Have Nasal Congestion? It's Likely a Cold, Not Anthrax

From the WebMD Archives

Oct. 19, 2001 -- Do you know the symptoms of anthrax infection -- the inhaled type? Some reports say they resemble the common cold, with nasal congestion and runny nose. Others say they are more like the flu.

To clarify the issue, WebMD turned to Sharon Frey, MD, infectious disease specialist who is also associate professor of internal medicine at Saint Louis University in Missouri.

If you have anthrax, she tells WebMD, "You don't get a cold. ... It's more that you're feeling bad, with muscle aches and pains, a low-grade fever, a dry cough that becomes worse over a few days' time. The dry cough and difficulty breathing become overwhelming -- but it's not like a head cold."

Very rarely is there nasal congestion or runny nose, she says.

"It's more like the flu, especially the mild fever and general sense of feeling weak, tired, with aches and pains," Frey says.

Flu season is indeed coming, but don't be confused, Frey tells WebMD. "Even though there's been a lot of anthrax in the news, we haven't seen a lot of cases of anthrax." So unless there's a known exposure to anthrax, just assume you have the flu. You need to be aware of any possible germ and be vigilant about what you're doing, she says.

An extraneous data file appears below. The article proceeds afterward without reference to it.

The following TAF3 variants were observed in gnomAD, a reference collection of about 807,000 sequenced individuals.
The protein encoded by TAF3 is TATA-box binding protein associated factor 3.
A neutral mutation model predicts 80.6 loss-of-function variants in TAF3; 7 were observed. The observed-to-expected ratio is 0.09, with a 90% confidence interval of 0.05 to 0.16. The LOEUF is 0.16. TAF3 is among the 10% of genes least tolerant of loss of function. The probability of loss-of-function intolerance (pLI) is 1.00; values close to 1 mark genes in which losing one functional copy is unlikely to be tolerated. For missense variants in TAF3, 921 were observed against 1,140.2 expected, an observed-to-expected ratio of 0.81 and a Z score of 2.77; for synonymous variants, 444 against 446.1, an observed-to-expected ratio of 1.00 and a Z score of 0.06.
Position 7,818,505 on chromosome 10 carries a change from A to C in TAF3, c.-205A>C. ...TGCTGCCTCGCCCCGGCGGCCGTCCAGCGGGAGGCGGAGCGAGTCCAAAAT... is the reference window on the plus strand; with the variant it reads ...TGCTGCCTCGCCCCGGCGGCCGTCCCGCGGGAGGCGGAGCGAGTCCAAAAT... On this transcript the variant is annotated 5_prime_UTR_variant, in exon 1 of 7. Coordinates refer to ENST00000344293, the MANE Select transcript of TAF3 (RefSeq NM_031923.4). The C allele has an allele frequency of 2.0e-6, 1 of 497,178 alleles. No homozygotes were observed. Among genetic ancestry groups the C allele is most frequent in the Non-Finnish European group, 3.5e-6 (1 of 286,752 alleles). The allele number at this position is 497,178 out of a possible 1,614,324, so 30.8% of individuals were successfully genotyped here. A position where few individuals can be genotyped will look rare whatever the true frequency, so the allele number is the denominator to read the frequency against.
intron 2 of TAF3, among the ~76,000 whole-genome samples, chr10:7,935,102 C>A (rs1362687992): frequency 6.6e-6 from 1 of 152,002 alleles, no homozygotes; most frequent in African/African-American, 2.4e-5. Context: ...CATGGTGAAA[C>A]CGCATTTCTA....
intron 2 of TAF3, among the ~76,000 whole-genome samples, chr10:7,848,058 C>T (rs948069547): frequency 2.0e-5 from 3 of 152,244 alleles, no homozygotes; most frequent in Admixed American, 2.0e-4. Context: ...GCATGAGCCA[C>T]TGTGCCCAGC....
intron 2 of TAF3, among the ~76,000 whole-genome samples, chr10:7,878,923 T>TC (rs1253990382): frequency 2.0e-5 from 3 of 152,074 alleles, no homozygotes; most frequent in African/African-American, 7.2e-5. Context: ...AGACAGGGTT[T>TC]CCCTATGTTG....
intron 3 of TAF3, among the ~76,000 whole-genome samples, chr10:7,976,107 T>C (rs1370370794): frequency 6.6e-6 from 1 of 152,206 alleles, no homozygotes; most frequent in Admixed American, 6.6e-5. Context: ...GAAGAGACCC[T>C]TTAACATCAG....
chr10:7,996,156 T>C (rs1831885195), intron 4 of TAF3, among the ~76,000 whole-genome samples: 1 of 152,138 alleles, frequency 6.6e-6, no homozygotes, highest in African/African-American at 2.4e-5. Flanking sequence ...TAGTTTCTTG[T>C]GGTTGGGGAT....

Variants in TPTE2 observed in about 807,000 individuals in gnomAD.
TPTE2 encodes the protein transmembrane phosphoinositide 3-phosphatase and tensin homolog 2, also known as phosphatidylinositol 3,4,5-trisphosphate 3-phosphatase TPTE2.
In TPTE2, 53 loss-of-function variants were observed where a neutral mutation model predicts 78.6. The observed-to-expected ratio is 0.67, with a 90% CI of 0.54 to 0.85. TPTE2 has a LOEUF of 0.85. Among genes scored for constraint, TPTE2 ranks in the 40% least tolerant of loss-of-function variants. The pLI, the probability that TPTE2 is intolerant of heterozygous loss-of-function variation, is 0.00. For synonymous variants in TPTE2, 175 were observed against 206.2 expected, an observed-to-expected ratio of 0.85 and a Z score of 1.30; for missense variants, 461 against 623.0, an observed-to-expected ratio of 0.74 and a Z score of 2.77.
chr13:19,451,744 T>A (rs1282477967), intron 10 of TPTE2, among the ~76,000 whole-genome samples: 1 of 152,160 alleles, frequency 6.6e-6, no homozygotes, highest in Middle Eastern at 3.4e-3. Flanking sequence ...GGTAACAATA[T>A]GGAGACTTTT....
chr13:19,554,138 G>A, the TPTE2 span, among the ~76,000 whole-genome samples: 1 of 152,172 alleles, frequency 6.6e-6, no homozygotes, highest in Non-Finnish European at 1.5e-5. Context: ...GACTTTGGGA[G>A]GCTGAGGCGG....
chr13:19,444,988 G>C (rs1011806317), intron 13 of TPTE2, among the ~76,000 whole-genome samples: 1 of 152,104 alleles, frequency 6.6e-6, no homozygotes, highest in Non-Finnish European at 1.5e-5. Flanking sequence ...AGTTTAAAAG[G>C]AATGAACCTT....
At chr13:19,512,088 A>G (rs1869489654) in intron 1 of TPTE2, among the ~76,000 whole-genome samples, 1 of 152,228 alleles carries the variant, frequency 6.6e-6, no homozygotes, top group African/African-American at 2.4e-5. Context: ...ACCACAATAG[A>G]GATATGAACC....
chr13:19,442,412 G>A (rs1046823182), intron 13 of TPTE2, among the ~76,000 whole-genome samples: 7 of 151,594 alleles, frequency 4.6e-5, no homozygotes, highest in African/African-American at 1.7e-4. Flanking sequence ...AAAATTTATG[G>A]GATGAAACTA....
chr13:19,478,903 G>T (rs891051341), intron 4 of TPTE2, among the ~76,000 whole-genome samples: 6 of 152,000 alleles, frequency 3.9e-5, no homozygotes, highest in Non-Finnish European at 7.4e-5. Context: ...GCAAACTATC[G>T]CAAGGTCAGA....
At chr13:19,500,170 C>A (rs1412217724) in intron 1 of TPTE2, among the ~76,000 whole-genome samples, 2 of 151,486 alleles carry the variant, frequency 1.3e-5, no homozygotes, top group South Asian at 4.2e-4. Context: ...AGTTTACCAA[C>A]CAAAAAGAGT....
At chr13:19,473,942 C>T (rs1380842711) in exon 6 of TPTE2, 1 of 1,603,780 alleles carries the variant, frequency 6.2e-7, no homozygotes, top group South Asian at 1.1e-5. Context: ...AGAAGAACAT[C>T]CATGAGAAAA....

"Not everybody who has flu symptoms during flu season should go to a doctor's office," she says. "They must be aware if they've been around anything suspicious -- a package, a letter."

But for those who need more reassurance, there is a test that your doctor can do to help figure out if you have the flu. These rapid flu tests can be done in your doctor's office. But keep in mind that the test is not very accurate. The results can come back with no evidence of flu in as many as half of the people who do, in fact, have the flu. Therefore, the CDC recommends that these rapid flu tests should not be done on every person with flu-like symptoms, largely because there are many other viruses out there that cause symptoms like the flu but will not show up on the flu test.

"And people should get their flu vaccine when it becomes available," Frey adds, especially the following people who are considered a top priority:

  • anyone age 65 and older;
  • residents of nursing homes and other chronic care facilities;
  • adults and children with chronic diseases;
  • women in the third trimester of pregnancy.

It is also recommended that adults over age 50, healthcare providers, and people living with someone elderly or chronically ill get the flu vaccine, Frey says.